Tiger Brands cleans out its closets – A Lesson in Reputation Risk Management


How does a 100 year of company destroy its reputation, trust in it as well as its market capitalization?

Simple , really! It allows practices like price fixing and collusion to operate and flourish and become part of the way things are done in the company.

Read more: Business Report – Tiger Brands cleans out its closets

As a keen observer of organizational development (OD) and behavioural practices I am disturbed:

  • Where were the OD experts in all of this? The outside consultants who should advise? Surely there must have been rumours, incidents and talk about these types of behaviour?
  • Where were the Reputation Managers or was PR just another activity based exercise in the company?
  • Where were the Compliance Officers in all of this?
  • Where was the Internal Auditors and Risk Managers?
  • Where were the internal employees who should be questioning unethical practices and conduct?

Surely there must be processes in any organization to determine smoldering risks. Smoldering risks are those risks that can result in unplanned visibility and reputation damage should it go public (Technically, a smoldering crisis is any serious business problem which is not generally known within or without the organisation, which may generate negative news coverage if or when it goes “public” and could result in fines, penalties or unbudgeted expenses). Surely there must be a process in any organization to act on those small insignificant issues that can potentially cause harm when they come into the open.

The Sunday Independent of today reports that Tiger Brands is continuing a company-wide review to root out anti-competitive behaviour, after a R53 million rand fine for collusive tendering was slapped on its medical supplies firm, Adcock Ingram, on Friday. And this, just after another fine because of price fixing in the bread industry.

Peter Matlare, the Chief Executive of Tiger Brands, promised journalists on Friday that ‘’We are intent on rebuilding our reputation through a culture of compliance and strong ethics, engagement with all of its stakeholders and the adoption of world class business practices’’.

Do I have a message for Mr Matlare!

Dear Mr Matlare, How are you going to do this?

Dear Mr Matlare, The means to do this starts with raising awareness and education and training.

The means to do this have existed for years. It just so happens that I have been addressing these issues the past 12 years, facilitating workshops in more than 8 countries. In the 12 years I have regularly sent notifications to companies like Tiger Brands and interestingly enough to Adcock in particular.

In 12 years only one delegate from Marketing attended one of my workshops. In fact I was told a few years ago by a then Adcock PR person to stop bothering them, they have got things under control. Sure, they did.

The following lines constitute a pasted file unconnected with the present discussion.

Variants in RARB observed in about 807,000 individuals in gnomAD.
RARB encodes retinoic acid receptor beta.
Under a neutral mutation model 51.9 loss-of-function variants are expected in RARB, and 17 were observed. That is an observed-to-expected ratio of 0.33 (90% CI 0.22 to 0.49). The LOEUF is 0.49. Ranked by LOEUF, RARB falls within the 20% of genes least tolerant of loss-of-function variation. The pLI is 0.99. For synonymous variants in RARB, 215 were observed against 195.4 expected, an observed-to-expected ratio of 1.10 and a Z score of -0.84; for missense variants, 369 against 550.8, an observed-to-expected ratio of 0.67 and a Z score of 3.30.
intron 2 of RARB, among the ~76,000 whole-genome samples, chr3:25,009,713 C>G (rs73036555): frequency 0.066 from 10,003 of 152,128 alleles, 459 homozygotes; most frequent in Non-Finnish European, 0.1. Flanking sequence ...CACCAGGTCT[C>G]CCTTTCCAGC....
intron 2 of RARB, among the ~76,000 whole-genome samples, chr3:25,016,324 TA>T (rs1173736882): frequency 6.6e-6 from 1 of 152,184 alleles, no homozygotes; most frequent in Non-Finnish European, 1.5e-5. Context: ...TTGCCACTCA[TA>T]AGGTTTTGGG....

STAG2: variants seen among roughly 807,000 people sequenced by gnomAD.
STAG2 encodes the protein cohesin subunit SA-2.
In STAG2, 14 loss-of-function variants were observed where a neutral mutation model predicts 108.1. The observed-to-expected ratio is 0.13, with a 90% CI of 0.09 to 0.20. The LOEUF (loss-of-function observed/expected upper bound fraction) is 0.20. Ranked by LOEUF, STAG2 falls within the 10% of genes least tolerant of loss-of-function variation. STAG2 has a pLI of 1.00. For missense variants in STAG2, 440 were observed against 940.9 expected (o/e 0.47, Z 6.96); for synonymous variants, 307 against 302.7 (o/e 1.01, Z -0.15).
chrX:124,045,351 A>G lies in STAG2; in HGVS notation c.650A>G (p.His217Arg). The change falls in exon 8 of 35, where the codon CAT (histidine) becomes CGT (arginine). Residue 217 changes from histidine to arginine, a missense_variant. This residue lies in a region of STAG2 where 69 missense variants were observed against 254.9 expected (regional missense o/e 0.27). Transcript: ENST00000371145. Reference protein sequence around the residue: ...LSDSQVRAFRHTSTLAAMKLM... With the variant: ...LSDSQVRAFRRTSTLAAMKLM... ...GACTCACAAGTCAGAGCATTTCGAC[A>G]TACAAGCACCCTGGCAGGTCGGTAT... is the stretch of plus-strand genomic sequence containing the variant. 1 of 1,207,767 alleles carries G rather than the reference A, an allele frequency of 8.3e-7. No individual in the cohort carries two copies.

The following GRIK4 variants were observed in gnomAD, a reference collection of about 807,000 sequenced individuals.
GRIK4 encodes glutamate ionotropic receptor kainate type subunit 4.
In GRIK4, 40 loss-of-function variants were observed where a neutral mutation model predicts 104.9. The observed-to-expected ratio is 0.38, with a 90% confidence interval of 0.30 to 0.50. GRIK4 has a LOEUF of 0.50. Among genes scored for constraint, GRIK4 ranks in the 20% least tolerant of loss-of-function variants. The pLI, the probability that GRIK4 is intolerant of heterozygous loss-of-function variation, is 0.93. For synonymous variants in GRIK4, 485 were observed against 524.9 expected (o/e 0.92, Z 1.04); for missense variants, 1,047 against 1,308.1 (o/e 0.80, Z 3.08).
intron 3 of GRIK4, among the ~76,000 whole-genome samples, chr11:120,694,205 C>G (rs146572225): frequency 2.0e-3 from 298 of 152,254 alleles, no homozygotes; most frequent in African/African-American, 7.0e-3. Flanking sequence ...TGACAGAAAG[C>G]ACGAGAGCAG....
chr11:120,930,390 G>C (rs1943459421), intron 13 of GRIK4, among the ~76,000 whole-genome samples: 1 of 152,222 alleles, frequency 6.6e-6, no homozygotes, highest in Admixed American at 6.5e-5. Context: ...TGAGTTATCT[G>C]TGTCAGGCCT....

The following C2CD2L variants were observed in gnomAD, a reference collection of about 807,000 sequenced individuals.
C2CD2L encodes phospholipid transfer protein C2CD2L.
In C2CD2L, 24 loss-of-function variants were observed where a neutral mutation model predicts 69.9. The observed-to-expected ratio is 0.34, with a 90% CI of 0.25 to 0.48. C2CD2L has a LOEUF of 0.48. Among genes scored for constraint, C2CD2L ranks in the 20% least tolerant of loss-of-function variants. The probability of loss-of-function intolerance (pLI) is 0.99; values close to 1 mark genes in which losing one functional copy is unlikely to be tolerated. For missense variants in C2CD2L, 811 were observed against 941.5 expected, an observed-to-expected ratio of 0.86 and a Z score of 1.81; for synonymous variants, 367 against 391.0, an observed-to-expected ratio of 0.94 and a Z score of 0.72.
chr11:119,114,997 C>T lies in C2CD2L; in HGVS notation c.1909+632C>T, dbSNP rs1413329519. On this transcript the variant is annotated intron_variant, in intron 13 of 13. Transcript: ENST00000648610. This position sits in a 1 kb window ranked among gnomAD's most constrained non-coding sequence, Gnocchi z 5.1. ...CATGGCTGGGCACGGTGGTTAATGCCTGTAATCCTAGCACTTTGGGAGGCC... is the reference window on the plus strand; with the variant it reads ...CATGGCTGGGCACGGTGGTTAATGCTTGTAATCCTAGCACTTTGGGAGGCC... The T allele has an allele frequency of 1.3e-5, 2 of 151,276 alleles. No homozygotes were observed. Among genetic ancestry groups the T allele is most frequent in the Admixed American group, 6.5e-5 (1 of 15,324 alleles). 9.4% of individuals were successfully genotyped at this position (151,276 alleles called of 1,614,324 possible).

Oh, the fallacy of assumptions. As if a few people in a PR department can manage the reputation of a company.

There is clearly a misunderstanding by management teams in South Africa. Managing and protecting a company’s reputation is a multi-dimensional and holistic management function. It cannot be managed linearly by any one department.

In the case of Tiger Brands, their behaviour was the pivot to damage, and that behaviour was influenced by the thinking practices in the organization.

The Thinking practices within an organisation is defined as the mental activity of every member of the organisation….all the idea generation, learning & skill development, exchange of information, development of strategic directions, project planning, communication, market research, problem solving, process improvement and quantum leaps that make up the total intellectual activity of the organisation.

(Source: Transformation Thinking by Joyce Wycoff).

How come all of the above experts did not identify or do anything about these practices? Is it because of our tendencies to only identify tangible asset risk?

It surely is time for organizations to take a closer look at the intangible performance drivers in the business and how they interact with the tangible drivers.

What Mr Matlare is speaking about is called Radical transformation. Not transformation in the BEE sense, but real transformation. The thing is that transformation can occur in any organisation when every member of the organisation becomes an important, participating part of the whole….when every member is taught fundamental but powerful thinking skills and the dynamics of how to think together.

What is going to be necessary at Tiger Brands is a radical a change of direction on all levels within an organisation, a change of not only how they work, but how they think, interact, participate and perform.

Reputation makeover is not a short term process, but they can bounce back, provided they have the impetus to do it.

Dear Mr Matlare, here is a formula that you can apply to the Tiger Brands group.

Change == D+V+S+C

For change to happen a business has to:

– Be dissatisfied with its present state

– Have a clear Vision of where it wants to go

– Take the necessary steps to get there

– Create enough energy (or tension) to overpower the COST required (in terms of money, time and energy) to make the change happen

I hope that you all cherish your Reputation enough to make this change happen. Good Luck!

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  1. Pingback: Reputation Risk caused by Compliance failure can be costly! « Deon Binneman on Managing Reputation